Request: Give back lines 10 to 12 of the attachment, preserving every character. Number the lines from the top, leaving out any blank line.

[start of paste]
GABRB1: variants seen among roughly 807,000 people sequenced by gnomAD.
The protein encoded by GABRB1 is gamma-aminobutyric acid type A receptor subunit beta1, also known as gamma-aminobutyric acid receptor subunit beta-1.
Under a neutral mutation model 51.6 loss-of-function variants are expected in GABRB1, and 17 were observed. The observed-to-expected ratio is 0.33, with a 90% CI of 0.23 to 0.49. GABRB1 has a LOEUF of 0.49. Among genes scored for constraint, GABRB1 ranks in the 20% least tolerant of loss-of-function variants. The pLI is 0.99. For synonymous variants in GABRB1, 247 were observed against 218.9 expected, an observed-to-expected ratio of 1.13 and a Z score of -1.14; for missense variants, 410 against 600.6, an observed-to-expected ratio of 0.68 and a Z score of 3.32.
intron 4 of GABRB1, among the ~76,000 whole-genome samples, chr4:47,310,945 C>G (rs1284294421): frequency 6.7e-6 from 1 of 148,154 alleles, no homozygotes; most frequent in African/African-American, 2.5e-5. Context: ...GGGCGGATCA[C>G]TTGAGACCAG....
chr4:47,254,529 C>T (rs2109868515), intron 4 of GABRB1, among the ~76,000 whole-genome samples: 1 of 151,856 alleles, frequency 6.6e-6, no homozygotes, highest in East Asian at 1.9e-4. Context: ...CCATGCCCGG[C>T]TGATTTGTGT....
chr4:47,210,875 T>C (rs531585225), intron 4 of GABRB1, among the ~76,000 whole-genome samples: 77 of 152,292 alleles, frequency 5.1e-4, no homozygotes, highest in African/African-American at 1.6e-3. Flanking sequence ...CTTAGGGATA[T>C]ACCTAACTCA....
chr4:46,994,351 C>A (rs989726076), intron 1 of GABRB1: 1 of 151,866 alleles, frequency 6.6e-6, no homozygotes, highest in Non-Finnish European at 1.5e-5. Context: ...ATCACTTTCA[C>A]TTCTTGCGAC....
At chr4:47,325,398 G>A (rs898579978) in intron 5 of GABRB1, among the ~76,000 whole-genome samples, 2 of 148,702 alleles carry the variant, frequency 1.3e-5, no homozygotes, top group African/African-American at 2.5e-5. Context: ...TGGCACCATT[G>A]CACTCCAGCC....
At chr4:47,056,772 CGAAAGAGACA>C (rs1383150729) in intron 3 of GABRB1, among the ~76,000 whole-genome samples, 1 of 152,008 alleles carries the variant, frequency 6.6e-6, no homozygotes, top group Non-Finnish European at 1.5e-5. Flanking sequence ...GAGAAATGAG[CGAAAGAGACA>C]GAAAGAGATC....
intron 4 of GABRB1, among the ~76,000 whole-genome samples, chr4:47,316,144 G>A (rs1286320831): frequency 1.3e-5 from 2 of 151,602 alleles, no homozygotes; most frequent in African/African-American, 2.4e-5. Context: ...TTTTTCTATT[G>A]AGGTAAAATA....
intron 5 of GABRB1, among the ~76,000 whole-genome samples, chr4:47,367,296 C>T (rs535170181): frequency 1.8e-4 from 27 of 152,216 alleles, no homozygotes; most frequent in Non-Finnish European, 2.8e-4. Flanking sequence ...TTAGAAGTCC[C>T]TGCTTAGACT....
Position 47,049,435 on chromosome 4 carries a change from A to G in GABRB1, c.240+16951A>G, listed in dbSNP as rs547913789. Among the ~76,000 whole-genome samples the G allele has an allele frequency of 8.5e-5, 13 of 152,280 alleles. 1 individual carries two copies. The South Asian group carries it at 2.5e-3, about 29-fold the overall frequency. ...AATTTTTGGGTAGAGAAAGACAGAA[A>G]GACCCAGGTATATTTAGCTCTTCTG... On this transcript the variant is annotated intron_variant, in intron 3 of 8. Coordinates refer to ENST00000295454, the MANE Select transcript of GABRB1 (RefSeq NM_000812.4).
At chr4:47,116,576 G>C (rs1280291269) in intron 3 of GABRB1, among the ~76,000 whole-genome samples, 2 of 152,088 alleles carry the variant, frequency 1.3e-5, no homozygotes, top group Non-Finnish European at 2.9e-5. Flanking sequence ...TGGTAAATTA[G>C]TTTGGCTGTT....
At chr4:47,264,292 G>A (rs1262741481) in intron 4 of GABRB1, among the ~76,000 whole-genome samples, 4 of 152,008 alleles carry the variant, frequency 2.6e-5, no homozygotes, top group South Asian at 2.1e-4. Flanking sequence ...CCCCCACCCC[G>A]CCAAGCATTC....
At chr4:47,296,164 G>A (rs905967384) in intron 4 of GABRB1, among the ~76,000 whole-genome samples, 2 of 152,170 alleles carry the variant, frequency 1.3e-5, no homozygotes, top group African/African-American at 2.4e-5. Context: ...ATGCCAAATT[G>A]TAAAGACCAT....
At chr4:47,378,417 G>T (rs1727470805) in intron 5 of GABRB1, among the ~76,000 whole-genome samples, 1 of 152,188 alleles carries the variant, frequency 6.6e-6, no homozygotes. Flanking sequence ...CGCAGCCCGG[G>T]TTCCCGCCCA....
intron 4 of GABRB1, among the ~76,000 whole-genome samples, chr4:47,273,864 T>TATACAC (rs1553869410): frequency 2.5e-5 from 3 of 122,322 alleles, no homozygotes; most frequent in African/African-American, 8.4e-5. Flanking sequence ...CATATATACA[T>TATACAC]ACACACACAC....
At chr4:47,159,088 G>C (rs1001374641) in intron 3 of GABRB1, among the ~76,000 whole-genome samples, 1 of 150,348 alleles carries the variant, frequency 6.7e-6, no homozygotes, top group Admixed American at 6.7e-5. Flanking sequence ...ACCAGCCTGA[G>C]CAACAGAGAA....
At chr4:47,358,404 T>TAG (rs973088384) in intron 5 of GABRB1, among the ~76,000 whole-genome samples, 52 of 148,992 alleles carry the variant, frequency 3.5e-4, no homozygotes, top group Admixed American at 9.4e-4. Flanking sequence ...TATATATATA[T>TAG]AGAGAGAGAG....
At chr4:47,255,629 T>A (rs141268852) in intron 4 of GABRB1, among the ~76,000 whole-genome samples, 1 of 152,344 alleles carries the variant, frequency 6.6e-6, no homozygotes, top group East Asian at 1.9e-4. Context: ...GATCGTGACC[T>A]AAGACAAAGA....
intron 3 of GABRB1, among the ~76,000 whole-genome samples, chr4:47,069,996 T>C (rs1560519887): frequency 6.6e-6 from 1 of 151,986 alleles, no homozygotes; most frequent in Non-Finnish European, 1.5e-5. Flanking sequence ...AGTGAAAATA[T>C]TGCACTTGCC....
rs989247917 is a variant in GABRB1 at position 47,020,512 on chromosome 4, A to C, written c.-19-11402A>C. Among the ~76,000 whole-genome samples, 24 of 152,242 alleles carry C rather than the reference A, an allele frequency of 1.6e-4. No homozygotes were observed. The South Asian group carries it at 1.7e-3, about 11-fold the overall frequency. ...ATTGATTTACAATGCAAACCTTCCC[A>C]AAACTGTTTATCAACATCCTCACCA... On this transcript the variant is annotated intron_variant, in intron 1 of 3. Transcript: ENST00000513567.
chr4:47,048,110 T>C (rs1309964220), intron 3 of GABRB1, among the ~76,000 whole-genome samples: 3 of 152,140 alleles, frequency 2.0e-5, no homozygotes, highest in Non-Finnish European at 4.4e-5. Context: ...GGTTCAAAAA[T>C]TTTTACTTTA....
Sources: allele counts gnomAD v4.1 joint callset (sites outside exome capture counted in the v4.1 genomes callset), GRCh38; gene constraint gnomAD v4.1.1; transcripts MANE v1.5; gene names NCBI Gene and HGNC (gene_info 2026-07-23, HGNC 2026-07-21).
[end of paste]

intron 4 of GABRB1, among the ~76,000 whole-genome samples, chr4:47,316,144 G>A (rs1286320831): frequency 1.3e-5 from 2 of 151,602 alleles, no homozygotes; most frequent in African/African-American, 2.4e-5. Context: ...TTTTTCTATT[G>A]AGGTAAAATA....
intron 5 of GABRB1, among the ~76,000 whole-genome samples, chr4:47,367,296 C>T (rs535170181): frequency 1.8e-4 from 27 of 152,216 alleles, no homozygotes; most frequent in Non-Finnish European, 2.8e-4. Flanking sequence ...TTAGAAGTCC[C>T]TGCTTAGACT....
Position 47,049,435 on chromosome 4 carries a change from A to G in GABRB1, c.240+16951A>G, listed in dbSNP as rs547913789. Among the ~76,000 whole-genome samples the G allele has an allele frequency of 8.5e-5, 13 of 152,280 alleles. 1 individual carries two copies. The South Asian group carries it at 2.5e-3, about 29-fold the overall frequency. ...AATTTTTGGGTAGAGAAAGACAGAA[A>G]GACCCAGGTATATTTAGCTCTTCTG... On this transcript the variant is annotated intron_variant, in intron 3 of 8. Coordinates refer to ENST00000295454, the MANE Select transcript of GABRB1 (RefSeq NM_000812.4).